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Discussion Starter · #1 · (Edited)
As seen in a different post here I have been playing with rebuilding\improving some existing speakers. I have gotten my waveguide where I am happy with the response and am ready to work on the boxes. The boxes are 1/2" particle board with some sort of a composite plasic front as seen below.



I can either brace the existing cabinet a little bit trying not to change the volume too much and overlay the waveguide into the inset as seen here. Without the tape of course :)

or build a new baffle of 3/4" MDF
or rebuild the entire box of 3/4 MDF.
Obviously rebuilding the whole box would be more work and the end result will be heavier (I am going to be mounting these on brackets held off the wall) but I would be willing to if the sound quality improvement is significant.
The current box is 11"w x 21"h x 8"d with no bracing and I can feel some vibration when I crank it. I guess I am wondering if bracing will be good enough or is the difference between 1/2" particle board and 3/4" MDF significant. btw there are going to be crossed over at 80hz so not a ton of bass.
 

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I'd use 1/2 MDF + bracing on the inside (and whatever sort of polyfill, etc) instead of a full on 3/4 in. MDF because you'll save on weight and since it'll be crossed over at 80 Hz and have bracing - resonance shouldn't be a problem.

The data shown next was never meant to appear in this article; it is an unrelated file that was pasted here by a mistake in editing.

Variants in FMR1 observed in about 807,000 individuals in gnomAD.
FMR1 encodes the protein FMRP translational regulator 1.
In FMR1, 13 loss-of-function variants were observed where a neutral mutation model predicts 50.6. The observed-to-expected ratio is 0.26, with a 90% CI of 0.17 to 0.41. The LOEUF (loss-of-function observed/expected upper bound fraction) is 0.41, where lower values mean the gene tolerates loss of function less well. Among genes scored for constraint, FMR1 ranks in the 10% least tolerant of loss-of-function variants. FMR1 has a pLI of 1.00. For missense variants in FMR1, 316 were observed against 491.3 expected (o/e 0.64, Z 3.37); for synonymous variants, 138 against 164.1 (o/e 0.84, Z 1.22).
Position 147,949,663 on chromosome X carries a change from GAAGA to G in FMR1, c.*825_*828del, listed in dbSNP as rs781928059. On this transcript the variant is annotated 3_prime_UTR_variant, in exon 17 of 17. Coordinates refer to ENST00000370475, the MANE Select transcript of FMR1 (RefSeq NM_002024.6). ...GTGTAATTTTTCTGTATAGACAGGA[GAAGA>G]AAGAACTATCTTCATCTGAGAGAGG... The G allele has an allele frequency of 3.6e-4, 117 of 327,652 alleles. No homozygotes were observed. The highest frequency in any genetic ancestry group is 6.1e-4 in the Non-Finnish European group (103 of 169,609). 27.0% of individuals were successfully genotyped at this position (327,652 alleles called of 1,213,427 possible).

Cheap, effective - what more can you want? Oh and interesting results on the waveguide. Interesting = good. =)
 

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I'd use 1/2 MDF + bracing on the inside (and whatever sort of polyfill, etc) instead of a full on 3/4 in. MDF because you'll save on weight and since it'll be crossed over at 80 Hz and have bracing - resonance shouldn't be a problem.

Cheap, effective - what more can you want? Oh and interesting results on the waveguide. Interesting = good. =)
Cabinet resonances are actually exponentially more problematic in terms of required bracing/dampening ascending upwards in octaves rather than descending. The difference is at lower octaves the resonances are far more pronounced [physically] and thusly more noticed by the listeners. The subject of resonance audibility has been discussed thoroughly in the paper by Floyd Toole: The Modification of Timbre by Resonances: Perception and Measurement JAES Volume 36 Issue 3 pp. 122-142; March 1988.